Other statistics are more striking. Thus, the South Carolinians maintained, not only that a large trade to their ports was broken up by the higher tariff acts and especially by the act of 1828, but that they had themselves built and owned a considerable portion of the Shipping engaged in this trade, and that their vessels simply rotted at the docks, after the passage of the act in question. "We had thirty or forty Ships,” said Hayne in 1832, "many of them built, and all owned, in Charleston. Look at the state of things now. Our merchants bankrupt or driven away, our ship—yards broken up, our ships all sold.” If the orator’ s coloring is to be found in these words, the burden of them, at least, is borne out by cold records, which show that for several years prior to 1829 there was registered tonnage at Charles ton and Georgetown amounting to nearly 30,000 tons, and latterly to 33,100 but that this fell off suddenly in 1829 to 13,500 and only very slightly increased in the two following years . The tonnage in the whole country also fell off to a considerable degree in 1829, it is true, but to nothing like the same extent.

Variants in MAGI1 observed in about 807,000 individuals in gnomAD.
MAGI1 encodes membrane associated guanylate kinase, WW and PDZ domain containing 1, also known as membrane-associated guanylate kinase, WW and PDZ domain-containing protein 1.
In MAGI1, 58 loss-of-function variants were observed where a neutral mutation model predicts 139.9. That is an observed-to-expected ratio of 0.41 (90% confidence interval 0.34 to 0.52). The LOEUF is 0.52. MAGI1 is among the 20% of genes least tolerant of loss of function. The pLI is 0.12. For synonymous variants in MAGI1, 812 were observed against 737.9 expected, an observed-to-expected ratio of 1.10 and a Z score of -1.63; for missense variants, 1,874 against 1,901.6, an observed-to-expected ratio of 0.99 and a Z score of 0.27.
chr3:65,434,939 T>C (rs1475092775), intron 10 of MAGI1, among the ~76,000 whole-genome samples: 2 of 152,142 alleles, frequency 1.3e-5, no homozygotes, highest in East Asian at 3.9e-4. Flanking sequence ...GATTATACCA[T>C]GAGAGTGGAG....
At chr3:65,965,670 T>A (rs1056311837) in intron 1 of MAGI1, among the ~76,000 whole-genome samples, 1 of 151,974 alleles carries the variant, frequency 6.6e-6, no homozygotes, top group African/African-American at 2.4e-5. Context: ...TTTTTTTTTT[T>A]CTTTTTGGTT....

These statistics seem to show, more clearly than can usually be traced in economical questions, a marked influence of the tariff in bringing about the Southern distress, and this influence was and is often admitted. Even John Quincy Adams, deep-dyed by local jealousy and the man to whose signature as President the Act of 1828 owed its validity, came in a very few years to think the tariff oppressive to the South
    . - The Life of John Caldwell Calhoun by William Meigs, vol. 2, pp 42-44
     
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  14. wausaubob

    wausaubob 2nd Lieutenant

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    Over fiscal issues? No matter what country they wanted to form, there still going to have to have a navy, a court system, flood control on the Mississippi, and other public works.
    An independent south is still going to have to either have domestic steel and railroad industries, or be dependent on foreign companies, which are evaluating the risk characteristics of the southern economy.
    The colonial states looked at the expense and problems of independence from the other colonies and gave it up very rapidly.